I’ve always found the scent of freshly sawn timber intoxicating. There is nothing like the feel of wood in the hand – its many warm textures, firm but yielding. There’s nothing like the grain of wood as it’s revealed in the cutting, shaving or sanding – a private journal of all its years and seasons. There’s nothing like the satisfaction of a mortise joint or a dovetail slotting together at the perfect angle. Although he never put them into words – at least not in our presence – Mr Jones surely knew all these things.
Ultimately, I don’t feel at all deprived of education. I can follow a recipe well enough, and learned more Latin phrases at university than I’d ever drop into conversation. Two more phrases have been far more useful anyway. Carpe diem my father gave me at an early age. A later one came from my stepfather, and I ought not to repeat it here, but roughly it means: don’t let the naughty people grind you down. While it may not be real Latin, it certainly helped me through school.
Wood was always in my blood anyway. Excepting myself – the only square tenon in a round mortise – there are three generations of engineers in my immediate family, and many a DIY zealot. Among their fathers before them were carpenters and other craftsmen, makers of cabinets and coffins, apparently. Who knows the wonders the women might have fashioned, had they been let loose on a chisel or a lathe.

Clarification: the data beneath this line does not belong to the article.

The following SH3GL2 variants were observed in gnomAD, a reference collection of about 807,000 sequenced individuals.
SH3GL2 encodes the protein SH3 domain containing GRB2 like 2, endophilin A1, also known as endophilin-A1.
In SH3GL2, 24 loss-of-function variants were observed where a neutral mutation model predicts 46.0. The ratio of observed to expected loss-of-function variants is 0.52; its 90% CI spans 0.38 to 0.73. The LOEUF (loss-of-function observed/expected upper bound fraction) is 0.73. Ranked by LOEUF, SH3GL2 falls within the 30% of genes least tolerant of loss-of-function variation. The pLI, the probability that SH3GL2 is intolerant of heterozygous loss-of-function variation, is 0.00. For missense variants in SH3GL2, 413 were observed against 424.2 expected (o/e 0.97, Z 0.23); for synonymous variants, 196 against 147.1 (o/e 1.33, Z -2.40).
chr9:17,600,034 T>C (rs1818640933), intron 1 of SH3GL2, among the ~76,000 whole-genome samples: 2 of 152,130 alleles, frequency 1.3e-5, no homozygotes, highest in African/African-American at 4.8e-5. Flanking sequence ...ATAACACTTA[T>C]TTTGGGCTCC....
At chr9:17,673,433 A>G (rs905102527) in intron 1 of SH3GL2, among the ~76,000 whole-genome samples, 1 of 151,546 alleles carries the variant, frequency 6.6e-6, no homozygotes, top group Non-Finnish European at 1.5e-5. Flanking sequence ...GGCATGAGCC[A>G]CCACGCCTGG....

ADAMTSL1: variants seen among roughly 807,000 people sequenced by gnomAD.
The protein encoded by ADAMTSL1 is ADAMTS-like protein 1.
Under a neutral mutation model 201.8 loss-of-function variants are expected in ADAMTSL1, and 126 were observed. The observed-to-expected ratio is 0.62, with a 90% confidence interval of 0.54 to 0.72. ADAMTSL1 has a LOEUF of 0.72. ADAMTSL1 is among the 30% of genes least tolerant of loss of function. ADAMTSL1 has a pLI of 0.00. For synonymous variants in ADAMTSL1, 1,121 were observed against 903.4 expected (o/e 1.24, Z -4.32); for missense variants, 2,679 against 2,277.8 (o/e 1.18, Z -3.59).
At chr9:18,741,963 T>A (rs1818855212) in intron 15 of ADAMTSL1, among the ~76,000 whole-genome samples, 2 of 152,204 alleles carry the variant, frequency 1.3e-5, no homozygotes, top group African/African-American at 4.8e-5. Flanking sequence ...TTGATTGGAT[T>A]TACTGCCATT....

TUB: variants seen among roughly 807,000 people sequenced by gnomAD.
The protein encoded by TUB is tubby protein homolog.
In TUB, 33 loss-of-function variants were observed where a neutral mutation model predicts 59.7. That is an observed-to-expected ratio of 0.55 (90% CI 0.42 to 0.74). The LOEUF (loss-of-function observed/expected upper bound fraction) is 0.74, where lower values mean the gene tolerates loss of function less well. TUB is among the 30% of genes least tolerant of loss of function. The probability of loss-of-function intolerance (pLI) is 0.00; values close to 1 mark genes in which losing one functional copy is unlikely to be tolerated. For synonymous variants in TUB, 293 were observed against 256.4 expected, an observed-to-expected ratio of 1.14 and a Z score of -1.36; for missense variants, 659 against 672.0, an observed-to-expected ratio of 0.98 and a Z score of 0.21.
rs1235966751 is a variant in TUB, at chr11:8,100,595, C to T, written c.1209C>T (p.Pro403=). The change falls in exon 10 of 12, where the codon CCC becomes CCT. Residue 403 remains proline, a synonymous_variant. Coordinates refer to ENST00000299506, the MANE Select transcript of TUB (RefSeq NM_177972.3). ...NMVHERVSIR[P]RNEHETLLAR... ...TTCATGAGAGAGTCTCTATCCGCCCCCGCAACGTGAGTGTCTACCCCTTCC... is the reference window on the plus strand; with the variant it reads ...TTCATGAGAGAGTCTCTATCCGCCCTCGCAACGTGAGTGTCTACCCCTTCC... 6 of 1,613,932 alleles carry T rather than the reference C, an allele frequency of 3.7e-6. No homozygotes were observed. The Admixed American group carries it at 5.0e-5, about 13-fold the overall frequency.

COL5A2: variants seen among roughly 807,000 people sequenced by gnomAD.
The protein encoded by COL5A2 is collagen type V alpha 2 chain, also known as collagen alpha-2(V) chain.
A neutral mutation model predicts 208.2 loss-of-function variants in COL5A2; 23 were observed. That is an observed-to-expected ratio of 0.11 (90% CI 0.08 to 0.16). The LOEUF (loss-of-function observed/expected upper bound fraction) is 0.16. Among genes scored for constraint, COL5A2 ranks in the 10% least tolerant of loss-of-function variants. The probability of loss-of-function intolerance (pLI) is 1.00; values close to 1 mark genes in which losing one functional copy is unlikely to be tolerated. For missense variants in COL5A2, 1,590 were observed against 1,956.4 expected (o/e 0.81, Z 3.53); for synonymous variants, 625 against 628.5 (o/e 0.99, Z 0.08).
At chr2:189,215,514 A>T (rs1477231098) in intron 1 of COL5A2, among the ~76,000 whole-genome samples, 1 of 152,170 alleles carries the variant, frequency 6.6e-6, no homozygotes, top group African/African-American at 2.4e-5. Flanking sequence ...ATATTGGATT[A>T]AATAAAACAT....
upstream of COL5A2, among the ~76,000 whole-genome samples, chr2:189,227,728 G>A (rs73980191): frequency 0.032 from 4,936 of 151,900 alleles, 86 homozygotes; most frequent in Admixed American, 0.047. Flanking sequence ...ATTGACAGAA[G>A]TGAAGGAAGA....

So this is how I come to be standing here in the parental garage, surrounded by generations of clamps, saws and mallets. The smaller things, like rasps and files, pliers and bradawls, are in a battered old chest with deep drawers that groan when you drag on their wooden handles. I’ve never been let loose in here, so I’m not sure what half of them do. Many look as though they wouldn’t have a use at all in this century.
There are rows and rows of tiny compartments too – a beehive of bolts and screws, pins and bungs of countless sizes and materials. There are ordered sets of things like wrenches and drills, in coloured tin cases with handles. They smell of dust and oil and elbow grease. They’re so well-tended, I imagine them as almost sentient, like old soldiers full of memories, comparing tales of battle and triumph.